In “From Beats to Arcs,” Newman’s mention of the “reaction shot” comes and goes as quickly as the reaction shot itself. The reaction shot, usually a close up on a character’s face is “a classic soap-opera device that intensifies our interest in character psychology” (20). Let’s see if we can tease out Newman’s meaning a little more.
Faces actors make on television are vastly exaggerated and over-the-top. Sometimes this is obvious, but I would like to argue that ninety-nine percent of the time the absurdity of these faces zooms right by us. This absurdity is buried deep down in the show’s own system of representation if not in TV’s own universal semiology. Its effect is latent rather than obvious. We notice when faces on TV are less accentuated, but we don’t notice when they are.
Recently, when I asked a friend to justify her claim that “Arrested Development” is the best TV show of all time, she listed one reason as lying in Michael Bluth’s (Jason Bateman’s) facial responses to his family’s worrisome and often painfully ironic lack of self-awareness. These shots are thrown in constantly throughout the series, inhabiting the mere breathing room between a joke and a cut to the next scene.
In that sense, Michael Bluth’s odd faces, which really only become recognizable after a fair deal of watching, are a functional and necessary element of storytelling. They are, perhaps, “Arrested Development”‘s version of a “laugh track,” better suited to maintaining the show’s intense tongue-in-cheek than an actual recording of canned laughter. “Arrested Development” deals in some of the driest, subtlest, most self-referential forms of humor ever seen on TV, so it should be no surprise that it employs a queue mechanism, a built in prompt for the audience to look for the joke in what they just saw or heard.
Face acting on TV is not a new trend (a close-up of Alice Kramden’s ‘I’m exasperated’ face on “The Honeymooner’s is one of the most intense things I’ve ever seen), and its long history probably has to do with how obviously jarring it is to experience a person’s face on TV. When we speak with others in our lives, sometimes we look at their face and sometimes we do not. We never, on the other hand, stare transfixed at another person’s face in the way we stare transfixed to a TV screen. The kind of looking is different, a more intense, deliberate, and prying kind of sight than we normally use when gazing on such a sacred part of another person’s body. It’s quite a crisis: what happens when we so heavily mediate the face, which is largely held to be the most im-mediate way to understand someone’s emotions? TV storytelling cleverly employs the face to give us instructions – LAUGH, CRY, etc. – because looking so directly at the human face is shocking to the point of inducing self-awareness. To oversimplify: comfortable self awareness corresponds to comedy, uncomfortable self-awareness corresponds to drama.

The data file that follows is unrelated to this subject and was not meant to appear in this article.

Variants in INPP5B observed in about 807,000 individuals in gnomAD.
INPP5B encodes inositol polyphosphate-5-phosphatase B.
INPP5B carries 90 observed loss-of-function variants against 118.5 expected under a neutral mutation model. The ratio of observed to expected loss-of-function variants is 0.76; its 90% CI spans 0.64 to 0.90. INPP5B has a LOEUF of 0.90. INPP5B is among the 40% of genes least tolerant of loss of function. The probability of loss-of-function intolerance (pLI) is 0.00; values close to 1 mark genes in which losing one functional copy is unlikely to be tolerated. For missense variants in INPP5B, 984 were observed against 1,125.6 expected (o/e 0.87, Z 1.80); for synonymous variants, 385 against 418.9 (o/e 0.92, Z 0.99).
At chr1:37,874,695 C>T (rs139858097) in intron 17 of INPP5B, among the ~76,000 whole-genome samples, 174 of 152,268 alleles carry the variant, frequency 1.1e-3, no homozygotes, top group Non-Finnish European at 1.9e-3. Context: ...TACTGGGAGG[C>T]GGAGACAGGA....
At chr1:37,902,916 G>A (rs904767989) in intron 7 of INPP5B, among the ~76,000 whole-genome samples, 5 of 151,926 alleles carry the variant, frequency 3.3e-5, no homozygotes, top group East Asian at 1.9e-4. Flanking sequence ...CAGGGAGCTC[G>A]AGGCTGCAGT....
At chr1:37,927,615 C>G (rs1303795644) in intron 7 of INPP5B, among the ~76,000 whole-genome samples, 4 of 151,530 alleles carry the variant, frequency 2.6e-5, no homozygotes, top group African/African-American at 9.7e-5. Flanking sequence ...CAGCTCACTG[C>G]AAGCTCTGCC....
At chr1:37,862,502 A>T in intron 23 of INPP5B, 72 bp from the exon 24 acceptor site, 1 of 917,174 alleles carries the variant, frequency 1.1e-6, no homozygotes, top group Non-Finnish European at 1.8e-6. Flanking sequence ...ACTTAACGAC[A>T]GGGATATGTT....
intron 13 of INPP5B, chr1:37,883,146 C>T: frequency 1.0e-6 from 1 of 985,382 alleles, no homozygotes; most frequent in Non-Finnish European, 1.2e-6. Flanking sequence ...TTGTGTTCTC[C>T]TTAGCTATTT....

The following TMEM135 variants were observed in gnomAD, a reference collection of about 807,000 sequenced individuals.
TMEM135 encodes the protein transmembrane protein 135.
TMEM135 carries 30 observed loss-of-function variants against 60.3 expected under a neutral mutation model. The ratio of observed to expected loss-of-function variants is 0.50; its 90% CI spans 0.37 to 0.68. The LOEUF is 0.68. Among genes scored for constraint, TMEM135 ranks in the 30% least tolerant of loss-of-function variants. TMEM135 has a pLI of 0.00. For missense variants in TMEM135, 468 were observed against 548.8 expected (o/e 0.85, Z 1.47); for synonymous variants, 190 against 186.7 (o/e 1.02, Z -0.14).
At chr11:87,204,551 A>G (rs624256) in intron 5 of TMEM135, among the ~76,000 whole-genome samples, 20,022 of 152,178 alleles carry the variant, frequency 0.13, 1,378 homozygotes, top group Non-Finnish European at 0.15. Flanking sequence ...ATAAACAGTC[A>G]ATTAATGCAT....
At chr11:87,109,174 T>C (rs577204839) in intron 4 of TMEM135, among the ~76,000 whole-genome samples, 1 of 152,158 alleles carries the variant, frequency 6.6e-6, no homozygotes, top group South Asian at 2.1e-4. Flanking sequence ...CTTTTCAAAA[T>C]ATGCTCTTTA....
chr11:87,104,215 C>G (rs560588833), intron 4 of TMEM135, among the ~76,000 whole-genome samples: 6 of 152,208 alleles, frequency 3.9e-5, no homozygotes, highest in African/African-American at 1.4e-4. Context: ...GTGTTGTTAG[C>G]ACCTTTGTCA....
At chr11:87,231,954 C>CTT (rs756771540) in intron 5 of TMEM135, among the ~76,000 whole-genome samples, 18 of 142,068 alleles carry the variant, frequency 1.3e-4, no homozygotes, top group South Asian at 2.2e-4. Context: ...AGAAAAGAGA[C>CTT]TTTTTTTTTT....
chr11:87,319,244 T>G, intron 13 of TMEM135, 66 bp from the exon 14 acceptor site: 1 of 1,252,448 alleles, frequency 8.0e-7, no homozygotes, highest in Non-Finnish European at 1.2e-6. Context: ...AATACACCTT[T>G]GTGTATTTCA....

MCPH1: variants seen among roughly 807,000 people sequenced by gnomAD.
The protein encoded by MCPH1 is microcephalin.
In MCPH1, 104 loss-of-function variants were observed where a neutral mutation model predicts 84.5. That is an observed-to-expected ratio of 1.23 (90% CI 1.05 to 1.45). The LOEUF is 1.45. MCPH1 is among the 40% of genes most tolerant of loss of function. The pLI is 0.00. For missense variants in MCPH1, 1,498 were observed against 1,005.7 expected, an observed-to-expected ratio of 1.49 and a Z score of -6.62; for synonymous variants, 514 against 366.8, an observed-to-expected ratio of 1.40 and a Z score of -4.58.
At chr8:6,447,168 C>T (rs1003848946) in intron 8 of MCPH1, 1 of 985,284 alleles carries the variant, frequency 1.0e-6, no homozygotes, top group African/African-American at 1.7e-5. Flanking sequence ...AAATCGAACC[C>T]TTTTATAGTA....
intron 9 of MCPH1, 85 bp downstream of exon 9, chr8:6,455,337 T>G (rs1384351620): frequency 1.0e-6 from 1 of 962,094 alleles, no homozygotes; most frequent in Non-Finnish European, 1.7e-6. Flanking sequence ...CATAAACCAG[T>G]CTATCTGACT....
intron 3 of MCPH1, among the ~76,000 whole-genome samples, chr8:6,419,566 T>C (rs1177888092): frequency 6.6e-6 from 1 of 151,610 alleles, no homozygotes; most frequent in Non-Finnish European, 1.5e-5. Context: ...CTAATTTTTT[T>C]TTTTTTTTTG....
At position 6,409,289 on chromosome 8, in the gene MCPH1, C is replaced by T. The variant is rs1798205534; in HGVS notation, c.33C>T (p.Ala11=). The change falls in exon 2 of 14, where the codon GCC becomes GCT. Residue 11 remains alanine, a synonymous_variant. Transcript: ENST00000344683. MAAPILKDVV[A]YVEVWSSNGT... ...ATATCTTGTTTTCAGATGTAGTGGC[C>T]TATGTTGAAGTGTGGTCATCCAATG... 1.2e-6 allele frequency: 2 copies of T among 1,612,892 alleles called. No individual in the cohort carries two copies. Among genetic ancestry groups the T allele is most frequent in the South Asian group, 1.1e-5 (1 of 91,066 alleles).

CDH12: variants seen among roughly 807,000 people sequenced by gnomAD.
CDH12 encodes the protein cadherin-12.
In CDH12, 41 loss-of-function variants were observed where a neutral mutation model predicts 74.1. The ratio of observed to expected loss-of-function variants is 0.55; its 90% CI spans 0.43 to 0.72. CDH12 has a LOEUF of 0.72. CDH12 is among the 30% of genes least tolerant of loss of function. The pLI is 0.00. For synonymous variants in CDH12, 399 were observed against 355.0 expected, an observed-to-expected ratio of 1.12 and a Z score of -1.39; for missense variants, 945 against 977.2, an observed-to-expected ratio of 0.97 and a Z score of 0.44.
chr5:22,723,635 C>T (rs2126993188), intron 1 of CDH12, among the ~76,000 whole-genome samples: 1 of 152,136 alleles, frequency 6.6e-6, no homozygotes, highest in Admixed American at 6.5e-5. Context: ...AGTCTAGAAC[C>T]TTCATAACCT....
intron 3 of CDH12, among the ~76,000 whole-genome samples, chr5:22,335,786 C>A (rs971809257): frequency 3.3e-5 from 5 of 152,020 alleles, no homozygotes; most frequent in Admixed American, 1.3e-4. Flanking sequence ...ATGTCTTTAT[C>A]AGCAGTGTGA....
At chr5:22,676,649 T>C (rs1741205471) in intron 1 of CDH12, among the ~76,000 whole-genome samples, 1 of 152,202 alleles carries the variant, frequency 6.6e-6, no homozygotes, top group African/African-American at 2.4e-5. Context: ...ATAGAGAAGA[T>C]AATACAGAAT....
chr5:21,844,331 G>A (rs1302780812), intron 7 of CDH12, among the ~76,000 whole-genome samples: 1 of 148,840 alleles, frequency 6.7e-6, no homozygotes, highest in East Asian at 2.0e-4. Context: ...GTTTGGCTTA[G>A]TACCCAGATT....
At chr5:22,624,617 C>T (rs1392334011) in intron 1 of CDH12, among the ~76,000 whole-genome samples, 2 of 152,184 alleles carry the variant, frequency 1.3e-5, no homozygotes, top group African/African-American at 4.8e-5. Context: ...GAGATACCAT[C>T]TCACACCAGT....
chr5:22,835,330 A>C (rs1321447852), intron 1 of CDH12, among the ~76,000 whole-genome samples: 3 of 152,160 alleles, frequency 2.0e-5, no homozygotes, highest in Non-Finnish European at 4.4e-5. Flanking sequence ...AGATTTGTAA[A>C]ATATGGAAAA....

A newer function of the reaction-shot-as-silent-laugh-track results from our having grown accustomed to it in extremer and extremer forms. The face on TV is still a queue, a command, but often now the command is not only LAUGH, but IDENTIFY. Michael Bluth is not only the protagonist of his show, but also without contest the only character the average person could ever fathom identifying with. That’s why it’s his face that clues us in whenever Tobias commits unintentional homosexual innuendo. The intensity of face acting serves to orient the viewer in the distant (“entfernt,” we might say – “distanced” in German – when we consider that the German word for television literally includes the word “far” or “distant”) narrative, to suggest an internal point of view for the viewer to see from. We literally “face” the TV, which, being a mirror, presents us with a face parallel to ours. Immersive and enthralling TV shows rely on this deep identification with one or more characters, this conflation of their face with ours.
We have perhaps arrived at a more specific sense of what Newman refers to with “our interest in character psychology” that face acting brings about. “Breaking Bad”‘s Bryan Cranston is also a champion of this kind of face acting that, despite its haunting ambiguity, provides untold amounts of reference points for the regular viewer and the new viewer alike. This is the force behind the final moments of the season 2 episode “Days Out,” in which Walt furiously punches his own reflection in a reflective paper towel dispenser until both the metal and his reflection in it are unrecognizably dented out of shape. However mysterious and hard to read we find Walt’s facial expression, we still take our queue to identify with it. Walt’s dissatisfaction with his own identity and emotions, which he also deals with through constantly changing details of his face such as facial hair, is meted out in a violent warping of his image: to the viewer, an uncomfortably literal punch in the face.